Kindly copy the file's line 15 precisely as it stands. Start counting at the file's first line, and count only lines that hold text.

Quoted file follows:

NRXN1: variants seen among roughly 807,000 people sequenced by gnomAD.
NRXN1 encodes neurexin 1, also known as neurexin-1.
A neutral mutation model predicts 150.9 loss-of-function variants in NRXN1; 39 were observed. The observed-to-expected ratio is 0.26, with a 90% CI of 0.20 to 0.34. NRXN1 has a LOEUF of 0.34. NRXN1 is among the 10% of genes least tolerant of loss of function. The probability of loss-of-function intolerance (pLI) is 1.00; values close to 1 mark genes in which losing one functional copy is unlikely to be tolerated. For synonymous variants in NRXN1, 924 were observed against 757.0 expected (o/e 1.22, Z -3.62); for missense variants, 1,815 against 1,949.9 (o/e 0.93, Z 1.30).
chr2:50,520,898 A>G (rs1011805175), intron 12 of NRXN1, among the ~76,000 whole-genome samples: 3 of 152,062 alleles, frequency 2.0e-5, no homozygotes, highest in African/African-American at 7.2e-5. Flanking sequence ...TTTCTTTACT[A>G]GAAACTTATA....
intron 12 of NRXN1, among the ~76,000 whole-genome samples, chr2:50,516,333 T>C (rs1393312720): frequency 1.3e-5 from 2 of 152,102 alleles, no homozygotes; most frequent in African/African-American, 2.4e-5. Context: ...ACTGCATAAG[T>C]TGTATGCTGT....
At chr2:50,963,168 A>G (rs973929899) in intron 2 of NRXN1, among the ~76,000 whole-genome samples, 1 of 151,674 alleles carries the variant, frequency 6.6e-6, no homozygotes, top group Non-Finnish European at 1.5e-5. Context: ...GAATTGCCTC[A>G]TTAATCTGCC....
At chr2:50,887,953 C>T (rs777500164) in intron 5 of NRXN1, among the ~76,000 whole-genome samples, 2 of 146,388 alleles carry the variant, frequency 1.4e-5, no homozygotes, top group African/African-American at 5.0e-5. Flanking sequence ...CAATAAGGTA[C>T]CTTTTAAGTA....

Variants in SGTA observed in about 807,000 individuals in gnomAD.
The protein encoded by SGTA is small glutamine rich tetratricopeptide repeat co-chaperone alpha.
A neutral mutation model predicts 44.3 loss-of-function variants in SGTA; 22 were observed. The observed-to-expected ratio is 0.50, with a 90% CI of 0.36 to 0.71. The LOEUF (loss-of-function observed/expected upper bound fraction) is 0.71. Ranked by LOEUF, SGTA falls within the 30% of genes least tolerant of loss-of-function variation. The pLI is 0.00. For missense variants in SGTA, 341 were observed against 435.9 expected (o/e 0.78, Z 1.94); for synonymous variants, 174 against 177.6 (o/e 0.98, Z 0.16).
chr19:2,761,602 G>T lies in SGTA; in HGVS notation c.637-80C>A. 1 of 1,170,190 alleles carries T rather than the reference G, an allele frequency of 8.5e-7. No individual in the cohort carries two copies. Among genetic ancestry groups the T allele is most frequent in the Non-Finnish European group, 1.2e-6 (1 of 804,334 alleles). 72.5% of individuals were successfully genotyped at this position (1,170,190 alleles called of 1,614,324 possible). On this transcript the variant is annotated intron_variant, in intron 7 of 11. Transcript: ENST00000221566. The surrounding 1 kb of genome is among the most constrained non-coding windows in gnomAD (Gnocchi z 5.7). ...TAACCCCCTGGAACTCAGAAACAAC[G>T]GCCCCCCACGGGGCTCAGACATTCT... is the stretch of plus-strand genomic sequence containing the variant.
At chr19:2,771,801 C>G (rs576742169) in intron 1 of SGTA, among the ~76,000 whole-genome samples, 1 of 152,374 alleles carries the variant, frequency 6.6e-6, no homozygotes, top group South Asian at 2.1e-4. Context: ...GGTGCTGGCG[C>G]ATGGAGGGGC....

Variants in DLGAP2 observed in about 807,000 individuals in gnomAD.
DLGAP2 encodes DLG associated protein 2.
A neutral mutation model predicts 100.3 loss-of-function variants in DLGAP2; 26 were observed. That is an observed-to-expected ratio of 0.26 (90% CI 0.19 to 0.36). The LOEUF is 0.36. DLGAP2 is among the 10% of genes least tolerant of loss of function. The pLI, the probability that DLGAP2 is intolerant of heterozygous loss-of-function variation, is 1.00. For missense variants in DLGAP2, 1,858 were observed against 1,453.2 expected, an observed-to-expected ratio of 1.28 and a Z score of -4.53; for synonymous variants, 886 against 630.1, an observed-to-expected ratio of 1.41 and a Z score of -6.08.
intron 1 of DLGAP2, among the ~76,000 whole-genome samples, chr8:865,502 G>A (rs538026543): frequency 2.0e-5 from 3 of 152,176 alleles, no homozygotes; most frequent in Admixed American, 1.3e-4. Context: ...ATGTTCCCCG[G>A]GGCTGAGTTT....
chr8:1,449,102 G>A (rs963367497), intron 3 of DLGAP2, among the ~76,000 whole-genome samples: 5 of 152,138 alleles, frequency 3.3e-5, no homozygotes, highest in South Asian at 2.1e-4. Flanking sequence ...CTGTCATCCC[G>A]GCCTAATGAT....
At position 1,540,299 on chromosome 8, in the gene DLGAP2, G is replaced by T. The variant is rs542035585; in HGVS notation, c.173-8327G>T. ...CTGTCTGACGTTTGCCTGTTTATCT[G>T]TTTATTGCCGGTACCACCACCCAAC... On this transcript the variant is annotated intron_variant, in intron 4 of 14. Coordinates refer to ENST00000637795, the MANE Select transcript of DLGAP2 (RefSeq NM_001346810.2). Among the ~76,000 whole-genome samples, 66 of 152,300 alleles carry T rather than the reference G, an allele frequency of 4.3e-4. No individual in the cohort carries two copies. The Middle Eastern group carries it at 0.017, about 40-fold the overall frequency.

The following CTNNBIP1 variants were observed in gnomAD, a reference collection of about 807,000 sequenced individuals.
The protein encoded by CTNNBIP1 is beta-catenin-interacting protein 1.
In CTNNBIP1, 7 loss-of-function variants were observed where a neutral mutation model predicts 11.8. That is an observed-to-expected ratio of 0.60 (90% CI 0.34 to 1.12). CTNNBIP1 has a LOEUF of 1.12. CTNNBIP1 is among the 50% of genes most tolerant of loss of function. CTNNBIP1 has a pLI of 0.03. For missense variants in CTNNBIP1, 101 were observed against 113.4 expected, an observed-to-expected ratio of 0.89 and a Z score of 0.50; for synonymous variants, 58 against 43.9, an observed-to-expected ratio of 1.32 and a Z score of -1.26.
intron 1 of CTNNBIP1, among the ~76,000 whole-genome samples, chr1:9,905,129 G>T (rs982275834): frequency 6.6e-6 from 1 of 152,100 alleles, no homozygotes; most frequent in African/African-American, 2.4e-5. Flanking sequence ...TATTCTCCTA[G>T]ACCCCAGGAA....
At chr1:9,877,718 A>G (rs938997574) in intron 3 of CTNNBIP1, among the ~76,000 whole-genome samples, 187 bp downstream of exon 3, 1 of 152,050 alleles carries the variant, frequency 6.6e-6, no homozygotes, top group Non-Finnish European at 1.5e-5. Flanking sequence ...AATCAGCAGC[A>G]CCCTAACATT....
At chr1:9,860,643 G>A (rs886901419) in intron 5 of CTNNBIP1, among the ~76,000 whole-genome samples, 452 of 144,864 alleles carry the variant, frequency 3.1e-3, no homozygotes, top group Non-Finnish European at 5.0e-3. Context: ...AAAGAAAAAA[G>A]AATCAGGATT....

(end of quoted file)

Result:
A neutral mutation model predicts 100.3 loss-of-function variants in DLGAP2; 26 were observed. That is an observed-to-expected ratio of 0.26 (90% CI 0.19 to 0.36). The LOEUF is 0.36. DLGAP2 is among the 10% of genes least tolerant of loss of function. The pLI, the probability that DLGAP2 is intolerant of heterozygous loss-of-function variation, is 1.00. For missense variants in DLGAP2, 1,858 were observed against 1,453.2 expected, an observed-to-expected ratio of 1.28 and a Z score of -4.53; for synonymous variants, 886 against 630.1, an observed-to-expected ratio of 1.41 and a Z score of -6.08.